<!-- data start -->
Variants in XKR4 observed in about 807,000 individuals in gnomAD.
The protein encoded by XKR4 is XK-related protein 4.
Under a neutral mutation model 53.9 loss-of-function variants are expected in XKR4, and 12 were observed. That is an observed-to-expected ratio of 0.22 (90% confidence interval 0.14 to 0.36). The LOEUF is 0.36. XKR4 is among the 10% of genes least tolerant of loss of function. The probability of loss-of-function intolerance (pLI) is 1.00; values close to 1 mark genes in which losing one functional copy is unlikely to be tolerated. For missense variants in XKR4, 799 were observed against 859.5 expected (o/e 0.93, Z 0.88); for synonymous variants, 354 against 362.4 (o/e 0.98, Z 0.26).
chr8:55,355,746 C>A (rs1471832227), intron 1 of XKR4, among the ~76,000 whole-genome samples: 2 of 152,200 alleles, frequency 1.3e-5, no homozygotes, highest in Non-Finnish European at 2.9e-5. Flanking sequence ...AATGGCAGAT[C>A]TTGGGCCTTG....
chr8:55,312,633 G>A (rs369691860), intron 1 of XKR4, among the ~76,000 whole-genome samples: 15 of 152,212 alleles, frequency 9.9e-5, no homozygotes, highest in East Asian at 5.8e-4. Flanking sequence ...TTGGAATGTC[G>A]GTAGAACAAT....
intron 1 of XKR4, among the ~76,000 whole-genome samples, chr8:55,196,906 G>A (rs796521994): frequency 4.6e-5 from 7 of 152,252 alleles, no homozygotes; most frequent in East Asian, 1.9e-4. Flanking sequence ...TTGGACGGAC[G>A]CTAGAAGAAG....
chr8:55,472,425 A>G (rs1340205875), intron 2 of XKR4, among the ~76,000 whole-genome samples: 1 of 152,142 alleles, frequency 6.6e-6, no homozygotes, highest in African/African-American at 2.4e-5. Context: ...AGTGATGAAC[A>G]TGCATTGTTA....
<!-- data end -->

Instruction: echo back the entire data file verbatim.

Variants in XKR4 observed in about 807,000 individuals in gnomAD.
The protein encoded by XKR4 is XK-related protein 4.
Under a neutral mutation model 53.9 loss-of-function variants are expected in XKR4, and 12 were observed. That is an observed-to-expected ratio of 0.22 (90% confidence interval 0.14 to 0.36). The LOEUF is 0.36. XKR4 is among the 10% of genes least tolerant of loss of function. The probability of loss-of-function intolerance (pLI) is 1.00; values close to 1 mark genes in which losing one functional copy is unlikely to be tolerated. For missense variants in XKR4, 799 were observed against 859.5 expected (o/e 0.93, Z 0.88); for synonymous variants, 354 against 362.4 (o/e 0.98, Z 0.26).
chr8:55,355,746 C>A (rs1471832227), intron 1 of XKR4, among the ~76,000 whole-genome samples: 2 of 152,200 alleles, frequency 1.3e-5, no homozygotes, highest in Non-Finnish European at 2.9e-5. Flanking sequence ...AATGGCAGAT[C>A]TTGGGCCTTG....
chr8:55,312,633 G>A (rs369691860), intron 1 of XKR4, among the ~76,000 whole-genome samples: 15 of 152,212 alleles, frequency 9.9e-5, no homozygotes, highest in East Asian at 5.8e-4. Flanking sequence ...TTGGAATGTC[G>A]GTAGAACAAT....
intron 1 of XKR4, among the ~76,000 whole-genome samples, chr8:55,196,906 G>A (rs796521994): frequency 4.6e-5 from 7 of 152,252 alleles, no homozygotes; most frequent in East Asian, 1.9e-4. Flanking sequence ...TTGGACGGAC[G>A]CTAGAAGAAG....
chr8:55,472,425 A>G (rs1340205875), intron 2 of XKR4, among the ~76,000 whole-genome samples: 1 of 152,142 alleles, frequency 6.6e-6, no homozygotes, highest in African/African-American at 2.4e-5. Context: ...AGTGATGAAC[A>G]TGCATTGTTA....